Pakistan invokes Arundhati Roy to attack Sushma Swaraj’s UN speech
Pakistan has invoked acclaimed Indian novelist Arundhati Roy to attack external affairs minister Sushma Swaraj’s UN General Assembly speech where she denounced Islamabad as the “world’s greatest exporter of havoc, death and inhumanity”.
“Much of what is in the air in India now is pure terror, in Kashmir, in other places,” Pakistan’s Permanent Representative Maleeha Lodhi on Saturday evening quoted a statement made by Roy.
Delving into Indian politics, Lodhi also borrowed the standard lines of a section of Indian secularists who describe Prime Minister Narendra Modi and his government as “fascist” and Uttar Pradesh chief minister Yogi Adityanath as a “fanatic”.
Usually a junior or mid-level diplomat delivers the rejoinders, but in a sign of how much it regards the impact of Swaraj’s speech, Pakistan took the unusual step of sending its permanent representative - one of the the senior-most officials in its diplomatic corps - to exercise its right of reply.
In her address earlier in the day, Swaraj said Pakistan was only interested in fighting India and sponsoring state terrorism.
Lodhi repeated the secularist line in India that “a racist and fascist ideology is firmly embedded in Modi’s government and that its leadership is drawn from the RSS (Rashtriya Swayamsevak Sangh) which is accused of assassinating Mahatma Gandhi”.
She slammed Adityanath’s election to head Uttar Pradesh, saying “the government has appointed a fanatic as the Chief Minister of India’s largest state”.
“It is a government, which has allowed the lynching of Muslims,” Lodhi said.
She went on to quote from Roy’s November 2015 statement: “These horrific murders are only a symptom. Life is hell for the living too. Whole populations of Dalits, Adivasis, Muslims, and Christians are being forced to live in terror, unsure of when and from where the assault would come.”
Roy, who won the 1997 Booker Prize for her novel, “The God of Small Things”, recently published her second novel, “The Ministry of Utmost Happiness”, which unlike her first is political.
Lodhi took particular objection to Swaraj’s observation about Pakistan’s founder, Mohammed Ali Jinnah, who, Pakistan Prime Minister Shahid Khaqan Abbasi had said, bequeathed a foreign policy based on peace and friendship.
Swaraj said it “remains open to question whether Jinnah Sahab actually advocated such principles.”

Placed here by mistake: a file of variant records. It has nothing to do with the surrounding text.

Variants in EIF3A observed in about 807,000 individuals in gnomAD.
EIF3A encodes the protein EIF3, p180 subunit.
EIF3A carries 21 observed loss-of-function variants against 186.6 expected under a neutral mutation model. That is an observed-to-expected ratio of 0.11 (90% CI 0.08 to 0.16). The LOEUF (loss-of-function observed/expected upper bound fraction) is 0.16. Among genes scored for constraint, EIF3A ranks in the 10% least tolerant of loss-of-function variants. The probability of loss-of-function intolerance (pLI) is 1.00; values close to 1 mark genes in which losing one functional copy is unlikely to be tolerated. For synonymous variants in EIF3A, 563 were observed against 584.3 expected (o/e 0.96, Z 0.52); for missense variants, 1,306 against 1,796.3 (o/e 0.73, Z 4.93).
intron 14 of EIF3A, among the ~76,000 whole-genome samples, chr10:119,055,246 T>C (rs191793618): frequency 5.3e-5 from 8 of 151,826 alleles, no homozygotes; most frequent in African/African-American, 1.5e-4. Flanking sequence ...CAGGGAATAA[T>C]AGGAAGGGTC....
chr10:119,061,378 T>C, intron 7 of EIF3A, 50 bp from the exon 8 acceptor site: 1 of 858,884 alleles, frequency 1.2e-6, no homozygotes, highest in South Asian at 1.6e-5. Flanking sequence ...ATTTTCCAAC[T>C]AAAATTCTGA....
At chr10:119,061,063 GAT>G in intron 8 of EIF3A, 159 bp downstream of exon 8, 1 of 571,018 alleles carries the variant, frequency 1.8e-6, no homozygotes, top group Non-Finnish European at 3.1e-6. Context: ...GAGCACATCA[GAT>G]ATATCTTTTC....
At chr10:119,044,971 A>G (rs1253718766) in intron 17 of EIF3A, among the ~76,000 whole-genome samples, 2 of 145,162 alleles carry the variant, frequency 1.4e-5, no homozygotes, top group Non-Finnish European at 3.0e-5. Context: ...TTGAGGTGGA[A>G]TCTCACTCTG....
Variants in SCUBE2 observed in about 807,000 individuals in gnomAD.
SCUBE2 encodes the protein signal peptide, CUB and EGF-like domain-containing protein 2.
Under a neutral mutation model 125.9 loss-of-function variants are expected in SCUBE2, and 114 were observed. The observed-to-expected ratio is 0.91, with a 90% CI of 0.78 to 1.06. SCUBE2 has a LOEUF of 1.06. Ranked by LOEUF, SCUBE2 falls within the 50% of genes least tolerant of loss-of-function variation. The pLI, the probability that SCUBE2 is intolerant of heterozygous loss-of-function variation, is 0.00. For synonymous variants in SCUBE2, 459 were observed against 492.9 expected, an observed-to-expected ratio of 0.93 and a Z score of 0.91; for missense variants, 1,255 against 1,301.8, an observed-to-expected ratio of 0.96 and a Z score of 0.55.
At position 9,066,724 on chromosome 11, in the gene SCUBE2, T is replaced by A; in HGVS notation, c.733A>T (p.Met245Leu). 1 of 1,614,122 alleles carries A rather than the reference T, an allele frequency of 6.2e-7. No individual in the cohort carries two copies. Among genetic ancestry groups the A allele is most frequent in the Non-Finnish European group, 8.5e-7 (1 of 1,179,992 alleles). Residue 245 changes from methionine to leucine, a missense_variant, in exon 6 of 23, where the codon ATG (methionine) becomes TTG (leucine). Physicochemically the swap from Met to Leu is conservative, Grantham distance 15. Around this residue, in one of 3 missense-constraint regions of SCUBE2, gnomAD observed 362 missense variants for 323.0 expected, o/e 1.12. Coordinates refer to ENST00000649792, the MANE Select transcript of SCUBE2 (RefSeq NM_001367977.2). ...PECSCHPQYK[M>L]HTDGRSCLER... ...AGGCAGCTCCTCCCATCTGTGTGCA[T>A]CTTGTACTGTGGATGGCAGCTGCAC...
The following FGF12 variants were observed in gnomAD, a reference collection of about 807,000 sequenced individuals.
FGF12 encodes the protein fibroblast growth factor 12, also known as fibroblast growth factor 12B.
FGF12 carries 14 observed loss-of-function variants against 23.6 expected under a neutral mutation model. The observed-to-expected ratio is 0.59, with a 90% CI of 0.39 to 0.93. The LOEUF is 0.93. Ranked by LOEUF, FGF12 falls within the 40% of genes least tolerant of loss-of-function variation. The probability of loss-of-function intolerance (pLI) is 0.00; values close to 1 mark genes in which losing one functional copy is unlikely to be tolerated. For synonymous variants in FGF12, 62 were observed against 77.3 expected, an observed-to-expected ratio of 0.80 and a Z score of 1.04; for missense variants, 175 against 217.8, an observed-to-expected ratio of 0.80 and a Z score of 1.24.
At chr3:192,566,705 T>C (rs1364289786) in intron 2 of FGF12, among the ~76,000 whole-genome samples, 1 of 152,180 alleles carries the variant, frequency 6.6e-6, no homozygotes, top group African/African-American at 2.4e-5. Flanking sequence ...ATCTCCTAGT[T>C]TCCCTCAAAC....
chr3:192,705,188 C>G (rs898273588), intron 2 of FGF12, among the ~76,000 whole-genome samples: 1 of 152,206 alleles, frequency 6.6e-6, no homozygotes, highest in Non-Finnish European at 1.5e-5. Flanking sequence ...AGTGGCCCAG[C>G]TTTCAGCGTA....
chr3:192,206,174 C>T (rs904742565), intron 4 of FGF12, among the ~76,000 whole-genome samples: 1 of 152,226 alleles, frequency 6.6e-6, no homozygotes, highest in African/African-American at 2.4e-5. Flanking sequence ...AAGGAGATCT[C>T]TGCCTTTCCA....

Lodhi said Pakistan remained open to resuming a comprehensive dialogue with India but it should include Kashmir and end what she claimed was a “campaign of subversion and state-sponsored terrorism”.
Enter your email to get our daily newsletter in your inbox
- The government has allowed on-the-spot administration of the vaccine from among the beneficiaries already enrolled on the Covid-19 Vaccine Intelligence Network (Co-WIN) portal, if those listed at a vaccination centre for the day did not turn up.
- General Naravane said dependence on imported military hardware could create vulnerabilities during a crisis, and self-reliance in the defence sector was a “strategic necessity”.
- The NMCH administration claimed it had sent the list of nearly 800 health care workers and 1,400 hospital staff to Patna civil surgeon last December, but names of those from the in medical college were missing from the Co-Win portal
- Odisha on Thursday exceeded its target of Covid-19 vaccination by inoculating 44,880 frontline health workers against an aim of 37,076 as vaccinators in 20 of the 30 districts managed to surpass the target.
- India first posted a dedicated ambassador to ASEAN in 2014 following the elevation of ties between the two sides to a strategic partnership and in view of growing cooperation in areas ranging from security to trade.
- Police claimed that Sandip Singh alias Baba who was arrested on Thursday from his Ambedkarnagar hideout told them that Ajit Singh was killed on the orders of two jailed gangsters after he refused to turn hostile in court.